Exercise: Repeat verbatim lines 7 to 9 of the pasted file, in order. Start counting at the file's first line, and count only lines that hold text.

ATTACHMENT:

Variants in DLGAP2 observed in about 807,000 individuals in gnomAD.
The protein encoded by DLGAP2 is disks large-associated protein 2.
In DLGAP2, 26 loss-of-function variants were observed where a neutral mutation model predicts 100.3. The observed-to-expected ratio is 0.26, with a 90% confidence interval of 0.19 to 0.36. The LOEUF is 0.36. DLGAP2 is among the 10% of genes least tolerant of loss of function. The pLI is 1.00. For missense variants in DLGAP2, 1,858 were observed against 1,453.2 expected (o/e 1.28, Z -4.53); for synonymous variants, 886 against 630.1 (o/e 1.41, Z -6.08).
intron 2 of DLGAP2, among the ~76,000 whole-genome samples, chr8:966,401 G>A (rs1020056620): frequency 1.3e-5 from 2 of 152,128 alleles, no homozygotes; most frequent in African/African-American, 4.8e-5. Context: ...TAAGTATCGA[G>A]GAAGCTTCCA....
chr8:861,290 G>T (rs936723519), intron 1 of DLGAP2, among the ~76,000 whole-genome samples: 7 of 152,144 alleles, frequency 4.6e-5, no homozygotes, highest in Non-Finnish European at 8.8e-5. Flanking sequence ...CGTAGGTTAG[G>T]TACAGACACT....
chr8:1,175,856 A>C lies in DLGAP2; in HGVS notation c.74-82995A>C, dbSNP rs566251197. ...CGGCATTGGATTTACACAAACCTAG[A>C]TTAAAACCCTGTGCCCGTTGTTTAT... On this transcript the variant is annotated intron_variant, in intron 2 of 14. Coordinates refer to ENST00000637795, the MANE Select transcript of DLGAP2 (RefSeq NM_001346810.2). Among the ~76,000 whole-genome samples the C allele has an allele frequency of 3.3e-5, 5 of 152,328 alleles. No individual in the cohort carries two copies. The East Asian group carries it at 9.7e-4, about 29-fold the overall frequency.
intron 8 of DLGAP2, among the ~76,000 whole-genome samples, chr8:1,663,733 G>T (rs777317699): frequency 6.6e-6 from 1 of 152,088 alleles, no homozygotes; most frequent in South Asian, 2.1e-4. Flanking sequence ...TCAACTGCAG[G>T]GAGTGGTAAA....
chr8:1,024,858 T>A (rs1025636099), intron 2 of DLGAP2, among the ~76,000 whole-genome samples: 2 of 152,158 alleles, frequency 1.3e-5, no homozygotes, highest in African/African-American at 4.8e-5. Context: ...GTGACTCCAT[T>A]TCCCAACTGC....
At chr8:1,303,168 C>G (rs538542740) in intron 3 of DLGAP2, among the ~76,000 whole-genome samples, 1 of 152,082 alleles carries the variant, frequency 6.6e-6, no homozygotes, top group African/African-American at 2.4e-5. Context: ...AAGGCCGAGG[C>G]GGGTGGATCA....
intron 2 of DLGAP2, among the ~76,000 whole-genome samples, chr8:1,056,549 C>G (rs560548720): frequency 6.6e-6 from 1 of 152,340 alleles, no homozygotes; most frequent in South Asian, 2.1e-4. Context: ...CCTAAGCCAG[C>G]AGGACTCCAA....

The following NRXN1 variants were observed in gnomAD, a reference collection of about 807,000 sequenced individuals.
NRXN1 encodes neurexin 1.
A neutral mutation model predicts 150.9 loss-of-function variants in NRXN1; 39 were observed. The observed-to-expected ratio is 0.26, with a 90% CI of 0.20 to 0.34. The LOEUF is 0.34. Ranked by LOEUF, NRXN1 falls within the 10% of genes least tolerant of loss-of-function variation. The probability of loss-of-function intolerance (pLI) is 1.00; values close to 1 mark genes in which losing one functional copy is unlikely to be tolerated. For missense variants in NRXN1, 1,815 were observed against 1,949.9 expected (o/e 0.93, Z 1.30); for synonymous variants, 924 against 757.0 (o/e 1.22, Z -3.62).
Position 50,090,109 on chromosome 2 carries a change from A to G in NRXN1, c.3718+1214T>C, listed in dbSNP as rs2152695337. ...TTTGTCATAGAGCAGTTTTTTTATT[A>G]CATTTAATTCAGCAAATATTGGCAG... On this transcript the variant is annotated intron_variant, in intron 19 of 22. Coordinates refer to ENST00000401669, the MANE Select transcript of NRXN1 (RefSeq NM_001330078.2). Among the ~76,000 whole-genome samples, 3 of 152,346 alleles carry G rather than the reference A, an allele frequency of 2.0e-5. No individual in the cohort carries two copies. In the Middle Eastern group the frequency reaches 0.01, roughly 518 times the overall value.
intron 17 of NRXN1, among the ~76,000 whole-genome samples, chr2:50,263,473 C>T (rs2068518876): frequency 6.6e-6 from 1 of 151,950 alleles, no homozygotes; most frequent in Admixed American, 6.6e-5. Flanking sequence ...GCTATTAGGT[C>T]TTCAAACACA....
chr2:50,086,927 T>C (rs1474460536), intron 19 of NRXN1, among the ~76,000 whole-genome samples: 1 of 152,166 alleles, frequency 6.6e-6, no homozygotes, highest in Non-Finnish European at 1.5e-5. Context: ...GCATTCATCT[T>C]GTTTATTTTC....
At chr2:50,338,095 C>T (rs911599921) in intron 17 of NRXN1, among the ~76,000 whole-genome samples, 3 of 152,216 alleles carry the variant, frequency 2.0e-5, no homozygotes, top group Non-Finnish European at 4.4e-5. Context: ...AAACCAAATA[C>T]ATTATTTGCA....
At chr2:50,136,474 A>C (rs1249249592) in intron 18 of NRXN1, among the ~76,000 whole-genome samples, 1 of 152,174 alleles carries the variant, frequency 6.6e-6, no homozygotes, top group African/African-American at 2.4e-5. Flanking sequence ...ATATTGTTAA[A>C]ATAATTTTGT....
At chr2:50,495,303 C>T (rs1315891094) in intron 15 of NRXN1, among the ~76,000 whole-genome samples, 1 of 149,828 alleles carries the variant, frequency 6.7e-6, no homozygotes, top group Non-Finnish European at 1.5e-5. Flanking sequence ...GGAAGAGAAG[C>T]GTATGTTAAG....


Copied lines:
intron 8 of DLGAP2, among the ~76,000 whole-genome samples, chr8:1,663,733 G>T (rs777317699): frequency 6.6e-6 from 1 of 152,088 alleles, no homozygotes; most frequent in South Asian, 2.1e-4. Flanking sequence ...TCAACTGCAG[G>T]GAGTGGTAAA....
chr8:1,024,858 T>A (rs1025636099), intron 2 of DLGAP2, among the ~76,000 whole-genome samples: 2 of 152,158 alleles, frequency 1.3e-5, no homozygotes, highest in African/African-American at 4.8e-5. Context: ...GTGACTCCAT[T>A]TCCCAACTGC....
At chr8:1,303,168 C>G (rs538542740) in intron 3 of DLGAP2, among the ~76,000 whole-genome samples, 1 of 152,082 alleles carries the variant, frequency 6.6e-6, no homozygotes, top group African/African-American at 2.4e-5. Context: ...AAGGCCGAGG[C>G]GGGTGGATCA....